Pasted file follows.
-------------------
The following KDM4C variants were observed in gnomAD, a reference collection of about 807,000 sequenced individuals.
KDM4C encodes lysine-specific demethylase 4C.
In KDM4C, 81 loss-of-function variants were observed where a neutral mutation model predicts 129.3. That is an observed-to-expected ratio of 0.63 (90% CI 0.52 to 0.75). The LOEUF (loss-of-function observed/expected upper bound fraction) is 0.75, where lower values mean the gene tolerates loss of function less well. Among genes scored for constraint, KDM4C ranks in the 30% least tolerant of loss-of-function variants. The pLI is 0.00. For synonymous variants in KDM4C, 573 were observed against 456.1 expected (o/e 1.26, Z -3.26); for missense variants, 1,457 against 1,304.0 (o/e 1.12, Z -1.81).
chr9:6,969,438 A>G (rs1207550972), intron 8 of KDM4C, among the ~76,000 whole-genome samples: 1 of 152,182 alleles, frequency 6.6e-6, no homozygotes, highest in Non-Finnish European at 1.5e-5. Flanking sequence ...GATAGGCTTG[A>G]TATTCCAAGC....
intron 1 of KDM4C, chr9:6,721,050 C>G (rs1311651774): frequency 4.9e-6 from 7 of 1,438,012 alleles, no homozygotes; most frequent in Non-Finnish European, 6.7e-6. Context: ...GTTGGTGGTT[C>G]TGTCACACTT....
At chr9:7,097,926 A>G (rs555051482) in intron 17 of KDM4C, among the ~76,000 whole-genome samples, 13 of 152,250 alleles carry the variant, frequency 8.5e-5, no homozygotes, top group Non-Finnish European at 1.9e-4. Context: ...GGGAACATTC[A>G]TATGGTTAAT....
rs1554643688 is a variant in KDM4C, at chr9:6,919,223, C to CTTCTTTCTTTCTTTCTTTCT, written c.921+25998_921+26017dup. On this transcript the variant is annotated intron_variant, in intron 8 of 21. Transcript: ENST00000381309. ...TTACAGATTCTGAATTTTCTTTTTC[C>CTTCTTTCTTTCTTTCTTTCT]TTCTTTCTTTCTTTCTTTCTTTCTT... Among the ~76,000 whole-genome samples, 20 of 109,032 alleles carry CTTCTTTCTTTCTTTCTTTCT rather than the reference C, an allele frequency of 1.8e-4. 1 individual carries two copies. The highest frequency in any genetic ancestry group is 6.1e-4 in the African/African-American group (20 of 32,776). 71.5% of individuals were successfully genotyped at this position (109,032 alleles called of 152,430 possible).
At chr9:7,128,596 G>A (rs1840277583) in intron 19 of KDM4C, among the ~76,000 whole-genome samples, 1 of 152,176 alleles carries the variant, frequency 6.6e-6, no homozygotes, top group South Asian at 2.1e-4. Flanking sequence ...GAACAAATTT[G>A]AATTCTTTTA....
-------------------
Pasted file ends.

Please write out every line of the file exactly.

The following KDM4C variants were observed in gnomAD, a reference collection of about 807,000 sequenced individuals.
KDM4C encodes lysine-specific demethylase 4C.
In KDM4C, 81 loss-of-function variants were observed where a neutral mutation model predicts 129.3. That is an observed-to-expected ratio of 0.63 (90% CI 0.52 to 0.75). The LOEUF (loss-of-function observed/expected upper bound fraction) is 0.75, where lower values mean the gene tolerates loss of function less well. Among genes scored for constraint, KDM4C ranks in the 30% least tolerant of loss-of-function variants. The pLI is 0.00. For synonymous variants in KDM4C, 573 were observed against 456.1 expected (o/e 1.26, Z -3.26); for missense variants, 1,457 against 1,304.0 (o/e 1.12, Z -1.81).
chr9:6,969,438 A>G (rs1207550972), intron 8 of KDM4C, among the ~76,000 whole-genome samples: 1 of 152,182 alleles, frequency 6.6e-6, no homozygotes, highest in Non-Finnish European at 1.5e-5. Flanking sequence ...GATAGGCTTG[A>G]TATTCCAAGC....
intron 1 of KDM4C, chr9:6,721,050 C>G (rs1311651774): frequency 4.9e-6 from 7 of 1,438,012 alleles, no homozygotes; most frequent in Non-Finnish European, 6.7e-6. Context: ...GTTGGTGGTT[C>G]TGTCACACTT....
At chr9:7,097,926 A>G (rs555051482) in intron 17 of KDM4C, among the ~76,000 whole-genome samples, 13 of 152,250 alleles carry the variant, frequency 8.5e-5, no homozygotes, top group Non-Finnish European at 1.9e-4. Context: ...GGGAACATTC[A>G]TATGGTTAAT....
rs1554643688 is a variant in KDM4C, at chr9:6,919,223, C to CTTCTTTCTTTCTTTCTTTCT, written c.921+25998_921+26017dup. On this transcript the variant is annotated intron_variant, in intron 8 of 21. Transcript: ENST00000381309. ...TTACAGATTCTGAATTTTCTTTTTC[C>CTTCTTTCTTTCTTTCTTTCT]TTCTTTCTTTCTTTCTTTCTTTCTT... Among the ~76,000 whole-genome samples, 20 of 109,032 alleles carry CTTCTTTCTTTCTTTCTTTCT rather than the reference C, an allele frequency of 1.8e-4. 1 individual carries two copies. The highest frequency in any genetic ancestry group is 6.1e-4 in the African/African-American group (20 of 32,776). 71.5% of individuals were successfully genotyped at this position (109,032 alleles called of 152,430 possible).
At chr9:7,128,596 G>A (rs1840277583) in intron 19 of KDM4C, among the ~76,000 whole-genome samples, 1 of 152,176 alleles carries the variant, frequency 6.6e-6, no homozygotes, top group South Asian at 2.1e-4. Flanking sequence ...GAACAAATTT[G>A]AATTCTTTTA....